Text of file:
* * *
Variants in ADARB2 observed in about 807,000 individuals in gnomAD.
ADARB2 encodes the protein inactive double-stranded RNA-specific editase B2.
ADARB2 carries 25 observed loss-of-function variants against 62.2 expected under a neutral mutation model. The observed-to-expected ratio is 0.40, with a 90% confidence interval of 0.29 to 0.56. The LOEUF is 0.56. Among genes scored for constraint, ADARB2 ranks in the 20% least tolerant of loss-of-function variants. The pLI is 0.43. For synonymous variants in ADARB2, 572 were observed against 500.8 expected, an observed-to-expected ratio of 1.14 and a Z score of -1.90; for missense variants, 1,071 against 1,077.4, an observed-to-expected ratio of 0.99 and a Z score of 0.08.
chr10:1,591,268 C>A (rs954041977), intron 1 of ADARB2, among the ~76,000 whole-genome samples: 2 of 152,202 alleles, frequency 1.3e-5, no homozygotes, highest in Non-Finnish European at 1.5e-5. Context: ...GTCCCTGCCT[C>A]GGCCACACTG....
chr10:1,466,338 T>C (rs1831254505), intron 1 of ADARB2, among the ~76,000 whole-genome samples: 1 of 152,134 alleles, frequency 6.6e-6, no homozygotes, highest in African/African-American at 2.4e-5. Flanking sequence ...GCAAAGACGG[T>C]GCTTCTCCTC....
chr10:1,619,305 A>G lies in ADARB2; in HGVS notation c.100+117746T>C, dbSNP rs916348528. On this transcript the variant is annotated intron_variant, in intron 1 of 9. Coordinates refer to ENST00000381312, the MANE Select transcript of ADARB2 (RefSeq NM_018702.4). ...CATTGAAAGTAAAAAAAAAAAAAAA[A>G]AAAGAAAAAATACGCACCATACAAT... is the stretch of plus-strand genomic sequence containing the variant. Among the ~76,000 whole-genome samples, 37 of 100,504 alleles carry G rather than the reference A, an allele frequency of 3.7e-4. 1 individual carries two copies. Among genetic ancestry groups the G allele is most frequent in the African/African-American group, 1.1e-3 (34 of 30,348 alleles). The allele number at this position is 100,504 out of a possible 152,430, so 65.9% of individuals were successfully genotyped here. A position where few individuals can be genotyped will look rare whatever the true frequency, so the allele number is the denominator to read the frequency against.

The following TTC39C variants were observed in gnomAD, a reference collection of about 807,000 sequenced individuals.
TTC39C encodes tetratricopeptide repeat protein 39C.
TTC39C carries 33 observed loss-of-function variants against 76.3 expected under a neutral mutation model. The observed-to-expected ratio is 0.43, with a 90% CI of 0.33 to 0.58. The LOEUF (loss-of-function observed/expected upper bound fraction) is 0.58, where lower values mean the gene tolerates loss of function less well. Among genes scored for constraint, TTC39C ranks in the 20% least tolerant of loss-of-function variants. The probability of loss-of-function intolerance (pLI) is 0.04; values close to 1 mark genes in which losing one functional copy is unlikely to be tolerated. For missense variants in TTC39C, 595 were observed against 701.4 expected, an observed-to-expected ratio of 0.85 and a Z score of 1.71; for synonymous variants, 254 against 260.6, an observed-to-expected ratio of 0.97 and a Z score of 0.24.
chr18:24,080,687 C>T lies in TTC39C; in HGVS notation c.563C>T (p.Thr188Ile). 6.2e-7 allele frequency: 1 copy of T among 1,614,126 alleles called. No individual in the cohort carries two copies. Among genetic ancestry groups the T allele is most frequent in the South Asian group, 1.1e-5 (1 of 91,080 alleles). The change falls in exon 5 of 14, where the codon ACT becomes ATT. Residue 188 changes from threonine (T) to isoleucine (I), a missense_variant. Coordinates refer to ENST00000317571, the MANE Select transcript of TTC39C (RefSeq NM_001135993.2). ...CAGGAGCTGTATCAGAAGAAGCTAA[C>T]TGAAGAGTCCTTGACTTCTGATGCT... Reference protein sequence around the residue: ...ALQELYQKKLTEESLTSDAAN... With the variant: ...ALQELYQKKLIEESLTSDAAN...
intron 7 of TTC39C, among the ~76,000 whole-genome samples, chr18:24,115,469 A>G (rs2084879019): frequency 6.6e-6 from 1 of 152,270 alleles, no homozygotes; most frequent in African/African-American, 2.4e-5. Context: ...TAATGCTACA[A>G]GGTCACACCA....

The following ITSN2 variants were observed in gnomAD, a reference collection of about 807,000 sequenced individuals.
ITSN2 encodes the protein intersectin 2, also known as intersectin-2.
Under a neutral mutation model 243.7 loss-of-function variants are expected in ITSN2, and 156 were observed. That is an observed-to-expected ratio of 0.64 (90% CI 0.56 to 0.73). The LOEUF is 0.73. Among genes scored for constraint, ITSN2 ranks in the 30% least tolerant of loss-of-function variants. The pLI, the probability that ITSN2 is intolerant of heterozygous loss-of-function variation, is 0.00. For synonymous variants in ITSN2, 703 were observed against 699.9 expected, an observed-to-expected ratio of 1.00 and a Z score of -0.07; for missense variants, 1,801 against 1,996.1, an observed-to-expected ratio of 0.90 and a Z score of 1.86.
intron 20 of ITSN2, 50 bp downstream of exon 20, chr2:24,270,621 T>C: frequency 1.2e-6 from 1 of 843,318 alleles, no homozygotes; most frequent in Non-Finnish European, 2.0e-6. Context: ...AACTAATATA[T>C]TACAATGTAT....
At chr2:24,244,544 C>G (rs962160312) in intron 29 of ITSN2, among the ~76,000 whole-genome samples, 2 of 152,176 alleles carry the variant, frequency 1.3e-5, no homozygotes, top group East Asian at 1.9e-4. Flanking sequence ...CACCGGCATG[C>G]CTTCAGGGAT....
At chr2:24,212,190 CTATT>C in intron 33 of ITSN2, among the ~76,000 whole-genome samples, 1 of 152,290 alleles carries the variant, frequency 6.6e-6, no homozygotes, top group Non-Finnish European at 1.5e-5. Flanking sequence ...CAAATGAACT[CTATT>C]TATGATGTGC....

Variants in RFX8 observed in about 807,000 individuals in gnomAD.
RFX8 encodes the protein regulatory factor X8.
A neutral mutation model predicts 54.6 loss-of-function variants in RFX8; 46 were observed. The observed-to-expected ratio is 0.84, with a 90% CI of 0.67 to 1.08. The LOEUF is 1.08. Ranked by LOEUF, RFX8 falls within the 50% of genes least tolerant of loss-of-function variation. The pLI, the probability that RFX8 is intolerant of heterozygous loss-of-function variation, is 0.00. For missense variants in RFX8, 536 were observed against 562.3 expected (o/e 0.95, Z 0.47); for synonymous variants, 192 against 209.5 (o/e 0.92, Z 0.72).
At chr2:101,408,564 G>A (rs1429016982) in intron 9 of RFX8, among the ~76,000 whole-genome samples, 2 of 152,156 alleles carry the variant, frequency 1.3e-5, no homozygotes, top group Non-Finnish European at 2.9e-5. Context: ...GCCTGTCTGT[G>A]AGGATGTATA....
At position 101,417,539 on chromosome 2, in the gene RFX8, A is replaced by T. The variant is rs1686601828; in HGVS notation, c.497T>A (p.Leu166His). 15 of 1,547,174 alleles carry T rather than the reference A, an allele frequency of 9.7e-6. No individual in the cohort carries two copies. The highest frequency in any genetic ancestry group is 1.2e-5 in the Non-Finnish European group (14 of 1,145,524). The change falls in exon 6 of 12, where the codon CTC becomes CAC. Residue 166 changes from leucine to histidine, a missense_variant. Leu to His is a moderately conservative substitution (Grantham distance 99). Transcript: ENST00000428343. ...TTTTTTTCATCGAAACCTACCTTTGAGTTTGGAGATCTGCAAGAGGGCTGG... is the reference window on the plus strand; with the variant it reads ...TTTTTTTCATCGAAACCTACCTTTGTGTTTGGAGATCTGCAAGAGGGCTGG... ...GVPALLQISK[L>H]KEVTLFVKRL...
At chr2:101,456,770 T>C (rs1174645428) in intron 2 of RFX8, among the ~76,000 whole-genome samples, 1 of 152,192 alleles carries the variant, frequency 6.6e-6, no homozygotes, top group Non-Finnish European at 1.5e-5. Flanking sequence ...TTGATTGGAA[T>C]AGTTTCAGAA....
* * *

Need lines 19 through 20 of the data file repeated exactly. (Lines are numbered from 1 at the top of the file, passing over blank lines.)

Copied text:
RFX8 encodes the protein regulatory factor X8.
A neutral mutation model predicts 54.6 loss-of-function variants in RFX8; 46 were observed. The observed-to-expected ratio is 0.84, with a 90% CI of 0.67 to 1.08. The LOEUF is 1.08. Ranked by LOEUF, RFX8 falls within the 50% of genes least tolerant of loss-of-function variation. The pLI, the probability that RFX8 is intolerant of heterozygous loss-of-function variation, is 0.00. For missense variants in RFX8, 536 were observed against 562.3 expected (o/e 0.95, Z 0.47); for synonymous variants, 192 against 209.5 (o/e 0.92, Z 0.72).